From Our Minister, Rev. Tony Lorenzen

“Through the Other’s Eyes”

Dear Beloveds,

One of the most important and powerful moments of grace we can experience is to see the world through the other’s eyes. Even with the people we love the most in our most intimate relationships, we can never actually know what it’s like to be the other person, to feel exactly as they do. Yet we all have the ability and the experiences of entering the heart space of another; of feeling a glimpse of someone’s pain or joy or an overwhelming oneness and bond with another in their hurt or their celebration.

We open ourselves up to seeing through another person’s eyes when we hear their story. Not the story we make up about them in our head, but when we are silent and listen deeply and give another our full attention and hear their story, their experience, as they experience it, free from whatever judgement or preconceived notions we have of what their experience is like because we have or know of similar experiences.

In the spring of 2016, I read an essay by Benjamin Hart about the increasingly hostile and ugly political climate rising in that year’s elections campaign. Hart wrote in the form of an open letter to his children, and he tells them that one day they will have to come to terms with the realization that they are privileged children – they are safe, loved, and protected, and in a very real sense, people do listen often to their story. Then he tells them that as they grow older they will realize their privilege is a hard thing to come to terms with, and they may even reject the idea at first.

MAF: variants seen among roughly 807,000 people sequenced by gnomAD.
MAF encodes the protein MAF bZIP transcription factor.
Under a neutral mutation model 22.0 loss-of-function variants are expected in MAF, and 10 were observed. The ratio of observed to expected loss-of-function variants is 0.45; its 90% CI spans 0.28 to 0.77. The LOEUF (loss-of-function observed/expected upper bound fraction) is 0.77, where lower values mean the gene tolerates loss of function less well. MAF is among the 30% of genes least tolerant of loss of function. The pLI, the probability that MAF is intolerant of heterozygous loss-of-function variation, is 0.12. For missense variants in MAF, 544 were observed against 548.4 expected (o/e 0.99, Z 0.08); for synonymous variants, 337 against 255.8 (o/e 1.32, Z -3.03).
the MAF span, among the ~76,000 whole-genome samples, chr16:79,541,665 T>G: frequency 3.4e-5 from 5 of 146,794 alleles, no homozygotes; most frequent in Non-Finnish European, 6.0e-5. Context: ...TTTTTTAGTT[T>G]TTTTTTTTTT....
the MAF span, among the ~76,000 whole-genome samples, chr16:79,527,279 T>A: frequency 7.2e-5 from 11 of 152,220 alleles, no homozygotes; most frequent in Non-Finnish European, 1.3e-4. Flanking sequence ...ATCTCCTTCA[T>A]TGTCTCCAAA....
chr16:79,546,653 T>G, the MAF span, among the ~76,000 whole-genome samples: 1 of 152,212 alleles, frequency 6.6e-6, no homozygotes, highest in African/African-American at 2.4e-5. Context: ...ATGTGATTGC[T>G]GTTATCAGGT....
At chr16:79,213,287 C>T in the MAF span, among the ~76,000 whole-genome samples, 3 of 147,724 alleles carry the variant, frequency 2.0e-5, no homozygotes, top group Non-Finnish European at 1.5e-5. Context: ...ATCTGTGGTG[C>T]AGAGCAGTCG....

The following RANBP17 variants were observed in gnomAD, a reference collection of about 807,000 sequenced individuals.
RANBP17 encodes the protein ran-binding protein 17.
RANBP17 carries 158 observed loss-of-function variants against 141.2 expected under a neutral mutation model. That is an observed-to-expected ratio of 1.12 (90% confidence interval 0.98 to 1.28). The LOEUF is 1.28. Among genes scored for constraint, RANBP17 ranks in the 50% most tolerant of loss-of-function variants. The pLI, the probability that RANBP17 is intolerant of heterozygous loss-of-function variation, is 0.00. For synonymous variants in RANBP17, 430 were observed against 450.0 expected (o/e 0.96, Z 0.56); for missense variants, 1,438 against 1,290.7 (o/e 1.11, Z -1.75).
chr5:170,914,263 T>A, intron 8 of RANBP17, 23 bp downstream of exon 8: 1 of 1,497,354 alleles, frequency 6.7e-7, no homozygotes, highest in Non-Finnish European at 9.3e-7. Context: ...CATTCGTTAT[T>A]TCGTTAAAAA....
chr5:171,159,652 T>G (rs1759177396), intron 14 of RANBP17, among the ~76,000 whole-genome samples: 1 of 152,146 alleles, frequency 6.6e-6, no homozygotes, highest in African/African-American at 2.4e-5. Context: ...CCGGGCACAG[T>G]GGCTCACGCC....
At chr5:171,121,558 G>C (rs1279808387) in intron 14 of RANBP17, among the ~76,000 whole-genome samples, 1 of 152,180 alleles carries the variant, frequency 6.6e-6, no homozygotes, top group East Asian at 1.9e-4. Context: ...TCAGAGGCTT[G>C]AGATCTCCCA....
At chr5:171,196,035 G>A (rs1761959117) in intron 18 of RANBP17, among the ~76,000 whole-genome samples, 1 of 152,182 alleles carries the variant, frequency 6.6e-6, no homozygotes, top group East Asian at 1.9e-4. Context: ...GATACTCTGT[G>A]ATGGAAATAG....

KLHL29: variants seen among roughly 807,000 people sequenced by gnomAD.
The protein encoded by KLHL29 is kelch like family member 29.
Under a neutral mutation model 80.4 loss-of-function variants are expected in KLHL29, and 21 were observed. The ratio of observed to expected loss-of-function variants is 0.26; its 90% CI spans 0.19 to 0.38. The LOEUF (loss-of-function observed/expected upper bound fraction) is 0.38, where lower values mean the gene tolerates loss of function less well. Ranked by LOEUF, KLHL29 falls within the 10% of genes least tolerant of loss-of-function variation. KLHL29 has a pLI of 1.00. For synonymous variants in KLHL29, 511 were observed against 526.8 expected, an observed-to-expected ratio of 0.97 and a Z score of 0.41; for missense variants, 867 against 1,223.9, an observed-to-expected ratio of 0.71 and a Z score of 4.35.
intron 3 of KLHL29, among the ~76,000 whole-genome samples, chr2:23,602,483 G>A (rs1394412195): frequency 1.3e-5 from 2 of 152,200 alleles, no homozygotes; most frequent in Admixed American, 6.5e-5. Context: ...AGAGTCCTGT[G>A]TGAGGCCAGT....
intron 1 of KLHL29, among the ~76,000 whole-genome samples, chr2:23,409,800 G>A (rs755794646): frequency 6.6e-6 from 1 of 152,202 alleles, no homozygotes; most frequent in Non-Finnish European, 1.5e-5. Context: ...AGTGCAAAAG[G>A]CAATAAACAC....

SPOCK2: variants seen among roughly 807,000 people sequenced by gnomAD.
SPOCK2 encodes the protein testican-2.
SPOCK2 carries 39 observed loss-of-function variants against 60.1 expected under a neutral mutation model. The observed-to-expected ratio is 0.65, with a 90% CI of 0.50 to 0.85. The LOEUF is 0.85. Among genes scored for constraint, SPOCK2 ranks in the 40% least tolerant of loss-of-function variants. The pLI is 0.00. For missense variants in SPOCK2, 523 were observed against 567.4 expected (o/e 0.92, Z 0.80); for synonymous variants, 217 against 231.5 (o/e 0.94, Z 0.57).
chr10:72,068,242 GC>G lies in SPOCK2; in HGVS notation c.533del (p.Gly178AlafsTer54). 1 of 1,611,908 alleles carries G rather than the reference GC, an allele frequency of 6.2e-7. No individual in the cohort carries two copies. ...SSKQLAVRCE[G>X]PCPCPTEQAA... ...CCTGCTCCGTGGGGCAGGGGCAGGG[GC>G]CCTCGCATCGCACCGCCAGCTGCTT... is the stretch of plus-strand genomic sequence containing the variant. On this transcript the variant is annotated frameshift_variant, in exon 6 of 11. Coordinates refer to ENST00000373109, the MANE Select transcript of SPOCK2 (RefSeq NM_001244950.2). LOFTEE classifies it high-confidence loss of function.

Hart says, “Privilege can make you stop hearing people’s names and caring about their stories. Privilege can make you afraid. Afraid that people will take what is yours or what you feel should be yours… You can let your privilege make you afraid. Or you can let your privilege make your world bigger. You can use it to make this place where you are living and growing better. By hearing as many different stories as you can. And remembering as many names as you can. Without hearing and seeing the other and hearing and seeing the world through the other’s eyes, we have no concept of what it is like to be any of things which we ourselves are not: poor, sick, young, old, gay, straight, cis, trans, black, Latino, Arab, Muslim, male, female, liberal eyes, conservative eyes.”

This month spend time contemplating and reflecting on the idea of pluralism, remember that your eyes are not the only ones that see, and your story is not the only one that needs to be told. Raise your voice, add it to the conversation, but make plenty of space for the other voices. Tell your story, be proud of it and own it, but make room for everyone else’s story, too.

Wishing you grace and peace,

Rev. Tony